Skip to comments.The Interstate Is Crumbling. Try Fixing the Section Used by 200,000 Vehicles a Day.
Posted on 06/22/2019 3:43:56 PM PDT by Tolerance Sucks Rocks
ORLANDO, Fla.The state dubbed it the I-4 Ultimate for its grand scope. For some here, its more like the ultimate headache.
A reconstruction of 21 miles of congested interstate highway through the heart of Orlando will build or rebuild 140 bridges, redesign 15 interchanges, move exits and add new toll lanes, in a $2.3 billion project to smooth traffic through one of the nations fastest-growing cities.
Dense cities have grown up around the aging freeways, hemming them in so that expensive engineering feats are needed to do work on them. Yet work is often unavoidable. I-4, for instance, was built in the 1960s to handle 70,000 vehicles a day. Now it is jammed with up to 200,000.
Patrick Kling drives to his downtown job each day through the highway reconstruction zone. He sometimes finds the route bewildering.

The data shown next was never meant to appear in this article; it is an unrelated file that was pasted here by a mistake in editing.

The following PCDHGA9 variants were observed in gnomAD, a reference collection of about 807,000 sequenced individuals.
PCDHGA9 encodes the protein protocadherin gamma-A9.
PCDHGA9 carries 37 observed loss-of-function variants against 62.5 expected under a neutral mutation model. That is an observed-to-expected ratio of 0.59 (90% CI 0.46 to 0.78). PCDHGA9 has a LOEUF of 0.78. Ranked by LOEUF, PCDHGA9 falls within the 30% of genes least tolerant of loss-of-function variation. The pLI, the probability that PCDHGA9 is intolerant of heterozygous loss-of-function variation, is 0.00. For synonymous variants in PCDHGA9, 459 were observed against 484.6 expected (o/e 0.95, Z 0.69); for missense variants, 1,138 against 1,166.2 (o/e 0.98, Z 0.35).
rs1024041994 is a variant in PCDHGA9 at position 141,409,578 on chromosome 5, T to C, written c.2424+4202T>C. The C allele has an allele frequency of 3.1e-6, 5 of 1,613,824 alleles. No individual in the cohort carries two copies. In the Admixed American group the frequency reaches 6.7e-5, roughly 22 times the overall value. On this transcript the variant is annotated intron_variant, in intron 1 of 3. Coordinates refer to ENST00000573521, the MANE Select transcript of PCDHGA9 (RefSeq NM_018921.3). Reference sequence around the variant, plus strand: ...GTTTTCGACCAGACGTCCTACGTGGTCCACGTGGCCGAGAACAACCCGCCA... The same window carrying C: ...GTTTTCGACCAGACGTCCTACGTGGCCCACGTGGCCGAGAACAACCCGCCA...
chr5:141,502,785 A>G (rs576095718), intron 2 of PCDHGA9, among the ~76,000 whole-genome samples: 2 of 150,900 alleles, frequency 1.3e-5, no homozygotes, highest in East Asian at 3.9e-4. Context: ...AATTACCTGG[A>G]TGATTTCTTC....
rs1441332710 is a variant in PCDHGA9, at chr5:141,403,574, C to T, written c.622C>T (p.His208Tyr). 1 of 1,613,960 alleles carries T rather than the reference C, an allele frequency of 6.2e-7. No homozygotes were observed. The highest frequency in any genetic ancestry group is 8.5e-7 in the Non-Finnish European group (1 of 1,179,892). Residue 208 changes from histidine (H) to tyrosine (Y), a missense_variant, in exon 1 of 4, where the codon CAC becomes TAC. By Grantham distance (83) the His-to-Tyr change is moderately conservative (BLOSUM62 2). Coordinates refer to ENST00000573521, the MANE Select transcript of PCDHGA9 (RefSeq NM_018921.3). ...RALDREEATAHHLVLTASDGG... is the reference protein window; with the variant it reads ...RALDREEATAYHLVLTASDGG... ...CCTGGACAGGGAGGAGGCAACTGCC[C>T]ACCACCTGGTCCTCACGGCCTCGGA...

Under the contract, the builder must keep the same number of lanes operating during the day as there were before construction started. The result is a repeatedly altered traffic flow, with on-ramps and off-ramps periodically shut down and detours posted.
Construction crews regularly shift lanes leftward onto medians or rightward onto shoulders to accommodate workers and equipment, which must be walled off from the traffic by concrete barriers. Workers have reduced each lanes width by a foot to gain space for construction, crowding the cars that are navigating the shifting lanes.
To help drivers cope, the project created an interactive map showing the latest road closures and a YouTube channel that lets people visualize how to maneuver before they face the changes at highway speed . . .
(Excerpt) Read more at wsj.com ...
I-4 across central florida, an interstate. LOL
Hawaii has an Interstate, or so I heard.
Similar to Denver I-70, maybe worse.
I often wonder how, why, this done without eminent domain.
Well, it’s considered part of the “interstate highway system”, even though I-4 does not run through any other state.